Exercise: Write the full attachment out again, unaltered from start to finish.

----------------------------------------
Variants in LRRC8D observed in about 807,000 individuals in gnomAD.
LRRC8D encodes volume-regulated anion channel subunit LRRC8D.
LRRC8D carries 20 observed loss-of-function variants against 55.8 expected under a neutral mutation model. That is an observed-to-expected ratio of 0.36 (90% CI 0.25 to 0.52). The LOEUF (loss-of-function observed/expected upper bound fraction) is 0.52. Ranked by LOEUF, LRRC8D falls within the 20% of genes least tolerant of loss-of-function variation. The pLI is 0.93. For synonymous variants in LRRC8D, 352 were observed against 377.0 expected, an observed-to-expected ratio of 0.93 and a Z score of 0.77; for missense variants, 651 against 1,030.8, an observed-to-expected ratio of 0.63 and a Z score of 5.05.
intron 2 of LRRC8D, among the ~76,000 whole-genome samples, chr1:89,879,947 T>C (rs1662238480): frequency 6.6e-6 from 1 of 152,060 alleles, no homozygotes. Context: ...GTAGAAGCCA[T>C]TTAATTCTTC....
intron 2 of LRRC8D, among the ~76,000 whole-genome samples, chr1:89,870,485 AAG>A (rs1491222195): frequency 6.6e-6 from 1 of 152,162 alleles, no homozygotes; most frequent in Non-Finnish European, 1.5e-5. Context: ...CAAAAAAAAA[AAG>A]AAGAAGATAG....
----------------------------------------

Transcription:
Variants in LRRC8D observed in about 807,000 individuals in gnomAD.
LRRC8D encodes volume-regulated anion channel subunit LRRC8D.
LRRC8D carries 20 observed loss-of-function variants against 55.8 expected under a neutral mutation model. That is an observed-to-expected ratio of 0.36 (90% CI 0.25 to 0.52). The LOEUF (loss-of-function observed/expected upper bound fraction) is 0.52. Ranked by LOEUF, LRRC8D falls within the 20% of genes least tolerant of loss-of-function variation. The pLI is 0.93. For synonymous variants in LRRC8D, 352 were observed against 377.0 expected, an observed-to-expected ratio of 0.93 and a Z score of 0.77; for missense variants, 651 against 1,030.8, an observed-to-expected ratio of 0.63 and a Z score of 5.05.
intron 2 of LRRC8D, among the ~76,000 whole-genome samples, chr1:89,879,947 T>C (rs1662238480): frequency 6.6e-6 from 1 of 152,060 alleles, no homozygotes. Context: ...GTAGAAGCCA[T>C]TTAATTCTTC....
intron 2 of LRRC8D, among the ~76,000 whole-genome samples, chr1:89,870,485 AAG>A (rs1491222195): frequency 6.6e-6 from 1 of 152,162 alleles, no homozygotes; most frequent in Non-Finnish European, 1.5e-5. Context: ...CAAAAAAAAA[AAG>A]AAGAAGATAG....